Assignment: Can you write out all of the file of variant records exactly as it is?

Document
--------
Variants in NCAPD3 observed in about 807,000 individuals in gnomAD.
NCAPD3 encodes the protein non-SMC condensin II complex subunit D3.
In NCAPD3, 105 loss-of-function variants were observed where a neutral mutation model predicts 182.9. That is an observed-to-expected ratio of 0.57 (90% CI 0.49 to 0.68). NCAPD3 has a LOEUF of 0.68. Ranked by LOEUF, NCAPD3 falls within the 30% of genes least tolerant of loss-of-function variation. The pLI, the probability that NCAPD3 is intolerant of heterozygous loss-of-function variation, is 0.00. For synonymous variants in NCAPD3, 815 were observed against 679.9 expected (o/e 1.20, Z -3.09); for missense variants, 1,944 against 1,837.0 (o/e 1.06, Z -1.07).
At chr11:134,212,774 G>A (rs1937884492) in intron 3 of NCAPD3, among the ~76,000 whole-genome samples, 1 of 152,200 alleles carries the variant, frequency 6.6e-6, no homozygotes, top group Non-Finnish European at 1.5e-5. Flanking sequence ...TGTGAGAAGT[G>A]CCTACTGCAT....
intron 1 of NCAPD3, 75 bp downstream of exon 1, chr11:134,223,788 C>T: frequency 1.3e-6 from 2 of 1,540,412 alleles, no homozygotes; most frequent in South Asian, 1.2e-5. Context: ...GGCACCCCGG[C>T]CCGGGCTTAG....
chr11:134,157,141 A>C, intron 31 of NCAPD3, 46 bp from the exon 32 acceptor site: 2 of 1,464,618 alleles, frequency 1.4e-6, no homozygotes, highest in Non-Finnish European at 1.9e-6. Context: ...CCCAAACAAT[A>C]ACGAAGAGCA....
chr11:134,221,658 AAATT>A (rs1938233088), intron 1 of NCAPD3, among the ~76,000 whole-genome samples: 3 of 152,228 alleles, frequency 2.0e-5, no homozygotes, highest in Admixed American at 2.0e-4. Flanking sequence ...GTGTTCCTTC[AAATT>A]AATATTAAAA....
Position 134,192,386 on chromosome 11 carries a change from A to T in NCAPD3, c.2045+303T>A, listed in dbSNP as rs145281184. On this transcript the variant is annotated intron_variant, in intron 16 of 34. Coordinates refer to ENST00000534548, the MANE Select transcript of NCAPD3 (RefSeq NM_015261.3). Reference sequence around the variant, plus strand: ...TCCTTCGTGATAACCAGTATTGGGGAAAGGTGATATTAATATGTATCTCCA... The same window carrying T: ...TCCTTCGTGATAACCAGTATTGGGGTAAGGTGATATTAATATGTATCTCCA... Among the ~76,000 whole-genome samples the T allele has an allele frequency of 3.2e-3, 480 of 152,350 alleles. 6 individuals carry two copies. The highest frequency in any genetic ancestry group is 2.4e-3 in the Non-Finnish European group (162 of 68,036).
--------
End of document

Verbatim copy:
Variants in NCAPD3 observed in about 807,000 individuals in gnomAD.
NCAPD3 encodes the protein non-SMC condensin II complex subunit D3.
In NCAPD3, 105 loss-of-function variants were observed where a neutral mutation model predicts 182.9. That is an observed-to-expected ratio of 0.57 (90% CI 0.49 to 0.68). NCAPD3 has a LOEUF of 0.68. Ranked by LOEUF, NCAPD3 falls within the 30% of genes least tolerant of loss-of-function variation. The pLI, the probability that NCAPD3 is intolerant of heterozygous loss-of-function variation, is 0.00. For synonymous variants in NCAPD3, 815 were observed against 679.9 expected (o/e 1.20, Z -3.09); for missense variants, 1,944 against 1,837.0 (o/e 1.06, Z -1.07).
At chr11:134,212,774 G>A (rs1937884492) in intron 3 of NCAPD3, among the ~76,000 whole-genome samples, 1 of 152,200 alleles carries the variant, frequency 6.6e-6, no homozygotes, top group Non-Finnish European at 1.5e-5. Flanking sequence ...TGTGAGAAGT[G>A]CCTACTGCAT....
intron 1 of NCAPD3, 75 bp downstream of exon 1, chr11:134,223,788 C>T: frequency 1.3e-6 from 2 of 1,540,412 alleles, no homozygotes; most frequent in South Asian, 1.2e-5. Context: ...GGCACCCCGG[C>T]CCGGGCTTAG....
chr11:134,157,141 A>C, intron 31 of NCAPD3, 46 bp from the exon 32 acceptor site: 2 of 1,464,618 alleles, frequency 1.4e-6, no homozygotes, highest in Non-Finnish European at 1.9e-6. Context: ...CCCAAACAAT[A>C]ACGAAGAGCA....
chr11:134,221,658 AAATT>A (rs1938233088), intron 1 of NCAPD3, among the ~76,000 whole-genome samples: 3 of 152,228 alleles, frequency 2.0e-5, no homozygotes, highest in Admixed American at 2.0e-4. Flanking sequence ...GTGTTCCTTC[AAATT>A]AATATTAAAA....
Position 134,192,386 on chromosome 11 carries a change from A to T in NCAPD3, c.2045+303T>A, listed in dbSNP as rs145281184. On this transcript the variant is annotated intron_variant, in intron 16 of 34. Coordinates refer to ENST00000534548, the MANE Select transcript of NCAPD3 (RefSeq NM_015261.3). Reference sequence around the variant, plus strand: ...TCCTTCGTGATAACCAGTATTGGGGAAAGGTGATATTAATATGTATCTCCA... The same window carrying T: ...TCCTTCGTGATAACCAGTATTGGGGTAAGGTGATATTAATATGTATCTCCA... Among the ~76,000 whole-genome samples the T allele has an allele frequency of 3.2e-3, 480 of 152,350 alleles. 6 individuals carry two copies. The highest frequency in any genetic ancestry group is 2.4e-3 in the Non-Finnish European group (162 of 68,036).